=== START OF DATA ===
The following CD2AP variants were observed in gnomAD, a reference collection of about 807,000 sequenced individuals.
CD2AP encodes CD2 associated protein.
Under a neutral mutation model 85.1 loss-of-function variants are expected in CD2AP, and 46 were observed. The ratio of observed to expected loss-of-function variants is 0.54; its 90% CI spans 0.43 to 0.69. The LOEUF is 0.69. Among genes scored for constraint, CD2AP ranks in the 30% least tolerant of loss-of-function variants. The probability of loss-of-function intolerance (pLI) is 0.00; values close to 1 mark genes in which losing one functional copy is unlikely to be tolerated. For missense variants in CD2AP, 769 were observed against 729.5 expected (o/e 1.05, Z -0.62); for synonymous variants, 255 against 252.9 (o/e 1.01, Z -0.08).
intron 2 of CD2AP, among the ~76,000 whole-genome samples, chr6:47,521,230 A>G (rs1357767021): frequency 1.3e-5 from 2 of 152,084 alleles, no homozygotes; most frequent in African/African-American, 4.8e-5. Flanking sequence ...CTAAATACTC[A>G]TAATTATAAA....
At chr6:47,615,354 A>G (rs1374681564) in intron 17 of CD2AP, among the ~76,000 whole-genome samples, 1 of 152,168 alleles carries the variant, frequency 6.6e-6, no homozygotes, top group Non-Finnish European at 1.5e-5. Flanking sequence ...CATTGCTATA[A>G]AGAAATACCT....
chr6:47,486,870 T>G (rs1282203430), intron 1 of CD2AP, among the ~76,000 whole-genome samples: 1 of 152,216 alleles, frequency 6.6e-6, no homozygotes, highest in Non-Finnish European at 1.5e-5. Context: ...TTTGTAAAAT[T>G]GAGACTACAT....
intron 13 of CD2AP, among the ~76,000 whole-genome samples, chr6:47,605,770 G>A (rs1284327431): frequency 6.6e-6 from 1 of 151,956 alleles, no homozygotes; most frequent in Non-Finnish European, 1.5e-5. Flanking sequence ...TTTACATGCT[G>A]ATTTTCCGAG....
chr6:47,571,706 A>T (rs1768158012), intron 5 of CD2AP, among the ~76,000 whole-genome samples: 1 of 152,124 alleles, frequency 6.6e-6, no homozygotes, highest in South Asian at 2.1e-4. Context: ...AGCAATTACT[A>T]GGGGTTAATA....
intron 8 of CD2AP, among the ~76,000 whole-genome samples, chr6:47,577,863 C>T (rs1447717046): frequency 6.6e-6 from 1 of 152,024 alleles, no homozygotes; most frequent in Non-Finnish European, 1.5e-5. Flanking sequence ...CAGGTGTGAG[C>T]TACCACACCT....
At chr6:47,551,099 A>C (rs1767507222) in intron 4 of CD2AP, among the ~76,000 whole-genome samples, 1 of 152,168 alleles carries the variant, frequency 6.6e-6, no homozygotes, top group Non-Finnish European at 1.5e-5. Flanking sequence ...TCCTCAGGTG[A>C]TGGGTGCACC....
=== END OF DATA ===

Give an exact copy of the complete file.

The following CD2AP variants were observed in gnomAD, a reference collection of about 807,000 sequenced individuals.
CD2AP encodes CD2 associated protein.
Under a neutral mutation model 85.1 loss-of-function variants are expected in CD2AP, and 46 were observed. The ratio of observed to expected loss-of-function variants is 0.54; its 90% CI spans 0.43 to 0.69. The LOEUF is 0.69. Among genes scored for constraint, CD2AP ranks in the 30% least tolerant of loss-of-function variants. The probability of loss-of-function intolerance (pLI) is 0.00; values close to 1 mark genes in which losing one functional copy is unlikely to be tolerated. For missense variants in CD2AP, 769 were observed against 729.5 expected (o/e 1.05, Z -0.62); for synonymous variants, 255 against 252.9 (o/e 1.01, Z -0.08).
intron 2 of CD2AP, among the ~76,000 whole-genome samples, chr6:47,521,230 A>G (rs1357767021): frequency 1.3e-5 from 2 of 152,084 alleles, no homozygotes; most frequent in African/African-American, 4.8e-5. Flanking sequence ...CTAAATACTC[A>G]TAATTATAAA....
At chr6:47,615,354 A>G (rs1374681564) in intron 17 of CD2AP, among the ~76,000 whole-genome samples, 1 of 152,168 alleles carries the variant, frequency 6.6e-6, no homozygotes, top group Non-Finnish European at 1.5e-5. Flanking sequence ...CATTGCTATA[A>G]AGAAATACCT....
chr6:47,486,870 T>G (rs1282203430), intron 1 of CD2AP, among the ~76,000 whole-genome samples: 1 of 152,216 alleles, frequency 6.6e-6, no homozygotes, highest in Non-Finnish European at 1.5e-5. Context: ...TTTGTAAAAT[T>G]GAGACTACAT....
intron 13 of CD2AP, among the ~76,000 whole-genome samples, chr6:47,605,770 G>A (rs1284327431): frequency 6.6e-6 from 1 of 151,956 alleles, no homozygotes; most frequent in Non-Finnish European, 1.5e-5. Flanking sequence ...TTTACATGCT[G>A]ATTTTCCGAG....
chr6:47,571,706 A>T (rs1768158012), intron 5 of CD2AP, among the ~76,000 whole-genome samples: 1 of 152,124 alleles, frequency 6.6e-6, no homozygotes, highest in South Asian at 2.1e-4. Context: ...AGCAATTACT[A>T]GGGGTTAATA....
intron 8 of CD2AP, among the ~76,000 whole-genome samples, chr6:47,577,863 C>T (rs1447717046): frequency 6.6e-6 from 1 of 152,024 alleles, no homozygotes; most frequent in Non-Finnish European, 1.5e-5. Flanking sequence ...CAGGTGTGAG[C>T]TACCACACCT....
At chr6:47,551,099 A>C (rs1767507222) in intron 4 of CD2AP, among the ~76,000 whole-genome samples, 1 of 152,168 alleles carries the variant, frequency 6.6e-6, no homozygotes, top group Non-Finnish European at 1.5e-5. Flanking sequence ...TCCTCAGGTG[A>C]TGGGTGCACC....